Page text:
recommended reading

Getting to the Right Relationship Between Doctors and Drug Companies

Image via Poznyakov/Shutterstock

The pharmaceutical industry is held in remarkably low esteem right now. It's seen as a bunch of nefarious pushers who pay off vulnerable doctors to prescribe their latest expensive, mediocre product. Physicians who work with pharma companies are considered especially suspect, routinely described as "cozy," "in bed with industry," and "on the take."

CEO of Kaiser Permanente Robert Pearl wrote last month in a Wall Street Journal commentary, "Patients will continue to be at risk for potential harm until physicians themselves stop participating in these relationships [with industry]." He added that Kaiser, a managed care consortium of almost 15,000 physicians and 9 million patients, prohibits physicians from "being paid to 'consult' with drug and device companies."

I think they have it backwards, though. Drug companies -- at least every one that I've worked for or consulted with -- would like to develop important new medicines that improve health and save lives. That's what gets every industry researcher I know up in the morning, and what keeps them going through the many highs and lows that characterize the scientific process.

While the biological foundation that enables most contemporary drug discovery was largely built in academic labs, moving from research publication to validated drug is long, difficult, expensive, and very tricky -- not least because many academic findings turn out not to be robust enough to support new drug development.

Read more at The Atlantic

Image via Poznyakov/Shutterstock

Threatwatch Alert

Thousands of cyber attacks occur each day

See the latest threats

JOIN THE DISCUSSION

Close [ x ] More from Nextgov
 
 

Thank you for subscribing to newsletters from Nextgov.com.
We think these reports might interest you:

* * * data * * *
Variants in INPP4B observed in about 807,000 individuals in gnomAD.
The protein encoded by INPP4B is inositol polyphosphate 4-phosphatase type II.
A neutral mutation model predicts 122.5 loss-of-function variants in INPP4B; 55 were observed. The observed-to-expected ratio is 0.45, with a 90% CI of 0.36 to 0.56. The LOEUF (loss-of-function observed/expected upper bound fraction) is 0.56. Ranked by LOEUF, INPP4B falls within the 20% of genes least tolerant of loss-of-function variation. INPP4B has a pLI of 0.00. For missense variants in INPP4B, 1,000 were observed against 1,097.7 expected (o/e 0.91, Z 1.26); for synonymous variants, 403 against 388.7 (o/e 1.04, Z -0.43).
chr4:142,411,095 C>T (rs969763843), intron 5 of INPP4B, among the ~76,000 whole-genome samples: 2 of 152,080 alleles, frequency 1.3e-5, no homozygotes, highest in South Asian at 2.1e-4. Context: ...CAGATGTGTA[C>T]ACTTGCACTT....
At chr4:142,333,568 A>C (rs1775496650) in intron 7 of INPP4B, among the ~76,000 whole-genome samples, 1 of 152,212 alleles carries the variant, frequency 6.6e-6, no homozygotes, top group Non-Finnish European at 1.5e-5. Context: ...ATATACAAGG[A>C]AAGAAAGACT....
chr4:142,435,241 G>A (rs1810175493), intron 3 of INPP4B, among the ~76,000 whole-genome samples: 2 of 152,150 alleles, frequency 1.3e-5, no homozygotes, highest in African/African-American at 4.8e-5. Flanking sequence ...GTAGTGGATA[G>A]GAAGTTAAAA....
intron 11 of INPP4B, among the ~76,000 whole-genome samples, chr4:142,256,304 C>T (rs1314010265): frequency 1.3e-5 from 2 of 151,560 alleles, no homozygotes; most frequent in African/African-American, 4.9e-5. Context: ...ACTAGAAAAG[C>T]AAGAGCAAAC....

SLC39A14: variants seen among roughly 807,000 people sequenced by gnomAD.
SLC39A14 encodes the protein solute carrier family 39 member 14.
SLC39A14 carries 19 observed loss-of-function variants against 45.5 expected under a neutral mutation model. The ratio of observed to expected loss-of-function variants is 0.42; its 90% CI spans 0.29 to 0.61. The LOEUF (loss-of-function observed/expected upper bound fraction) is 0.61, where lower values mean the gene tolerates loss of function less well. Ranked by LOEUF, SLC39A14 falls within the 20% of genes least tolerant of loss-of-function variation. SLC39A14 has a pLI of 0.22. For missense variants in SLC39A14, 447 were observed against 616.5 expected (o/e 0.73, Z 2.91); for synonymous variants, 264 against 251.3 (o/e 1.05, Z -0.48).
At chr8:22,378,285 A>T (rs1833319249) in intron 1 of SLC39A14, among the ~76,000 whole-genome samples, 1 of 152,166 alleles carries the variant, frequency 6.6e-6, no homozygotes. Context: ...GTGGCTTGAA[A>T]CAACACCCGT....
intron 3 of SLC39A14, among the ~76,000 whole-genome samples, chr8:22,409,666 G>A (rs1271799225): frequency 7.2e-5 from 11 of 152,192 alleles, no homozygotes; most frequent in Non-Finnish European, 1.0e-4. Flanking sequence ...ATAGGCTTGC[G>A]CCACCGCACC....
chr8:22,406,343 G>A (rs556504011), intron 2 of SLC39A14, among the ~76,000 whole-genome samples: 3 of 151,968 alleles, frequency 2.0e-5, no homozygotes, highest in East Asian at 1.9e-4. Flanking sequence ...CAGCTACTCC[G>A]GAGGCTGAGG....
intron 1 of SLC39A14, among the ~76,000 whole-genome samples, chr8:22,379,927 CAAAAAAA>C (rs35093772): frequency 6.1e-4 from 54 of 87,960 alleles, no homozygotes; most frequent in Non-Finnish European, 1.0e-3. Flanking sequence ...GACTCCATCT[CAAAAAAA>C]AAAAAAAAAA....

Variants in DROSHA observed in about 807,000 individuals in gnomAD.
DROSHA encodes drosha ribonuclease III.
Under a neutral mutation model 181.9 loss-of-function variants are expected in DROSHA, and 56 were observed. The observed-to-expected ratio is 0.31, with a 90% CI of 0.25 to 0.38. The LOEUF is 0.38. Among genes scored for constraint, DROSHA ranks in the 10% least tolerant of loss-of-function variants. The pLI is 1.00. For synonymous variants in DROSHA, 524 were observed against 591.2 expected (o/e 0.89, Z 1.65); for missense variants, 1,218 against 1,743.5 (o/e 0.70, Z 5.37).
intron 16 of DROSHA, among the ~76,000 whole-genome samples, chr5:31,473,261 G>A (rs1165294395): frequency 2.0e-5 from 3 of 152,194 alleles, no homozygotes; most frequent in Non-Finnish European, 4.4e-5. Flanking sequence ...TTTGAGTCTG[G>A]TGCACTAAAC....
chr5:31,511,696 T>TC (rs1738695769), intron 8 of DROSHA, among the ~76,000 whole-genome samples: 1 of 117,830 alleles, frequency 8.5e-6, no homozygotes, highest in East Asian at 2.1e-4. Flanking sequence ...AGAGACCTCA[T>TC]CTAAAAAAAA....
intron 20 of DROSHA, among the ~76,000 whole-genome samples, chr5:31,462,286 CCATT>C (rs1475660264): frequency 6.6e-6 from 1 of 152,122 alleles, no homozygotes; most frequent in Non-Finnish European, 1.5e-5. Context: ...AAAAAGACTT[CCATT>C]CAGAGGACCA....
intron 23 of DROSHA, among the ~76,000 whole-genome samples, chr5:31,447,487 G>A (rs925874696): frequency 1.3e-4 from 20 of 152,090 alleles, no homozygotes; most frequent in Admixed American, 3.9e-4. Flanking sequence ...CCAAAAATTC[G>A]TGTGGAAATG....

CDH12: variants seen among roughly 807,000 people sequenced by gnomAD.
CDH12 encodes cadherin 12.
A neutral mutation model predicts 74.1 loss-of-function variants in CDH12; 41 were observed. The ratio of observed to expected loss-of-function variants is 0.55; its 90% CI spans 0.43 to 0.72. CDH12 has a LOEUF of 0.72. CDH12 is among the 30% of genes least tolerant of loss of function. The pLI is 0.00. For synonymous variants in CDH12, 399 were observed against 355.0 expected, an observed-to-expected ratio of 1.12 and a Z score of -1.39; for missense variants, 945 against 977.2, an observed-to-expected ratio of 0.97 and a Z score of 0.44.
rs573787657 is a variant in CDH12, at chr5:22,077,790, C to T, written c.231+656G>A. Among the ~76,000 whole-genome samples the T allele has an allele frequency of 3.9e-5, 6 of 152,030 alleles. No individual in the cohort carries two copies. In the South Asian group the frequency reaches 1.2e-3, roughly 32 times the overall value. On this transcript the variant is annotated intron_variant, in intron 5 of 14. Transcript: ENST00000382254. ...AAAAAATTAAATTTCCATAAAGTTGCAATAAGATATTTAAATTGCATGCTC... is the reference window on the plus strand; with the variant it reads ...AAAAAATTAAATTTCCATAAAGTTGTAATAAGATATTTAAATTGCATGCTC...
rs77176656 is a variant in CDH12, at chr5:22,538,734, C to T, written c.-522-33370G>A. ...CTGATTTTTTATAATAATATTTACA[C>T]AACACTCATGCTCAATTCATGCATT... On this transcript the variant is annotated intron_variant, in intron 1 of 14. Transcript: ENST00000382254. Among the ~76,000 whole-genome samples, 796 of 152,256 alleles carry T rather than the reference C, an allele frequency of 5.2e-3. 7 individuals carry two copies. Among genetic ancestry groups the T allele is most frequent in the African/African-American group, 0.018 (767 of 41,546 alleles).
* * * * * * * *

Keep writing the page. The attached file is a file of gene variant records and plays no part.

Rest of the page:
• Modernizing IT for Mission Success

    Surveying Federal and Defense Leaders on Priorities and Challenges at the Tactical Edge

    Download
  • Communicating Innovation in Federal Government

    Federal Government spending on ‘obsolete technology’ continues to increase. Supporting the twin pillars of improved digital service delivery for citizens on the one hand, and the increasingly optimized and flexible working practices for federal employees on the other, are neither easy nor inexpensive tasks. This whitepaper explores how federal agencies can leverage the value of existing agency technology assets while offering IT leaders the ability to implement the kind of employee productivity, citizen service improvements and security demanded by federal oversight.

    Download
  • Effective Ransomware Response

    This whitepaper provides an overview and understanding of ransomware and how to successfully combat it.

    Download
  • Forecasting Cloud's Future

    Conversations with Federal, State, and Local Technology Leaders on Cloud-Driven Digital Transformation

    Download
  • IT Transformation Trends: Flash Storage as a Strategic IT Asset

    MIT Technology Review: Flash Storage As a Strategic IT Asset For the first time in decades, IT leaders now consider all-flash storage as a strategic IT asset. IT has become a new operating model that enables self-service with high performance, density and resiliency. It also offers the self-service agility of the public cloud combined with the security, performance, and cost-effectiveness of a private cloud. Download this MIT Technology Review paper to learn more about how all-flash storage is transforming the data center.

    Download

When you download a report, your information may be shared with the underwriters of that document.